The Challenge of Food Security

The Challenge of Food Security

International Policy and Regulatory Frameworks

Edited by Rosemary Rayfuse and Nicole Weisfelt

This timely study addresses the pressing issue of food security through a range of interdisciplinary contributions, providing both scholarly and policy-making perspectives. It sets the discussion on food security within the little-studied context of its international legal and regulatory framework. The expert contributors explore the key issues from a development perspective and through the lens of existing governance and policy systems with a view to articulating how these systems can be made more effective in dealing with the roots of food insecurity.

Chapter 12: Global food security governance: the Committee on World Food Security, Comprehensive Framework for Action and the G8/G20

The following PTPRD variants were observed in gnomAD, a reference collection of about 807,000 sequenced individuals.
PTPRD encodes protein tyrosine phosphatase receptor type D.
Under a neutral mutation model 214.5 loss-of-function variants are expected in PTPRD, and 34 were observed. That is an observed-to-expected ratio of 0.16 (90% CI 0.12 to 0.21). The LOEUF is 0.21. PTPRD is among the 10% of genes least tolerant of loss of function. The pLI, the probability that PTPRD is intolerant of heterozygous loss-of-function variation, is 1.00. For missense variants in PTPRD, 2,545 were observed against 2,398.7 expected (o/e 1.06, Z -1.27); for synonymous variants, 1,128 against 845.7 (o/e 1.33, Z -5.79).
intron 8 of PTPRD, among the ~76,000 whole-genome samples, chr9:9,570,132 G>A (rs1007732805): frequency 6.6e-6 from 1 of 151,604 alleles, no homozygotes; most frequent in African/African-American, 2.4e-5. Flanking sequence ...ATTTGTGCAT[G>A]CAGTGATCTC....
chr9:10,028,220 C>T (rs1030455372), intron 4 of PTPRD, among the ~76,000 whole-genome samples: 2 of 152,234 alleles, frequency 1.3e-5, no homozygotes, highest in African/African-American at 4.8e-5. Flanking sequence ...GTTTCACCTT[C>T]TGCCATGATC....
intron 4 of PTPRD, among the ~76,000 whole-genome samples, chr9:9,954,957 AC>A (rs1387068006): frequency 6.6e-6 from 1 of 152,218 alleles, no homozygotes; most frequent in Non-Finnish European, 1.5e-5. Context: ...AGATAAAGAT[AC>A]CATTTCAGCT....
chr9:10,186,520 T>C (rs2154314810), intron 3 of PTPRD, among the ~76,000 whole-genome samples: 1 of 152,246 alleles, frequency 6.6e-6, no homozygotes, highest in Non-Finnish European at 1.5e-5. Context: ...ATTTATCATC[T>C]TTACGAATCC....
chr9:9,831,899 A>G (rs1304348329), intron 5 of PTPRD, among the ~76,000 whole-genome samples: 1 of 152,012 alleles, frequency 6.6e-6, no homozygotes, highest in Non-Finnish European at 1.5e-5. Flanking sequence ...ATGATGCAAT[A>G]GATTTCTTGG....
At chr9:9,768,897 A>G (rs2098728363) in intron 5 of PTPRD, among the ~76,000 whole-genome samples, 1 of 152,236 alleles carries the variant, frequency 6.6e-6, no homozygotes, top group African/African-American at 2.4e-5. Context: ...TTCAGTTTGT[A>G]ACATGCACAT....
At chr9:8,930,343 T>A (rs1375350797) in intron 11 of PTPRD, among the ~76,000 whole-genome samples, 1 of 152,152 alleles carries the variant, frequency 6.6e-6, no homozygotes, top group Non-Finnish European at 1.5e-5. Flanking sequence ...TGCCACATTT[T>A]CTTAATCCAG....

Matias Margulis

Subjects: development studies, law and development, environment, environmental law, law - academic, environmental law, international economic law, trade law, law and development, public international law


Eradicating world hunger has been a long-standing objective of the international community. Following the creation of the Food and Agriculture Organization (FAO) of the United Nations (UN) in 1945 to ‘ensure freedom from hunger’, subsequent decades saw a proliferation of international institutions charged with addressing the manifold and complex causes of hunger. At present there are over a dozen international institutions active in the field of food security. Working alongside these institutions are numerous regional, non-governmental and private organizations. This decentralized patchwork of institutions constitutes what may be best described as global food security governance. This chapter analyses key, recent institutional developments in global food security governance. These include the reform of the Committee on World Food Security (CFS), the negotiation of the Comprehensive Frame for Action (CFA), and the emergence of the Group of Eight (G8)/Group of Twenty (G20) as a multilateral food security forum. These institutional developments share a common origin: they were direct responses to the 2008 global food crisis.

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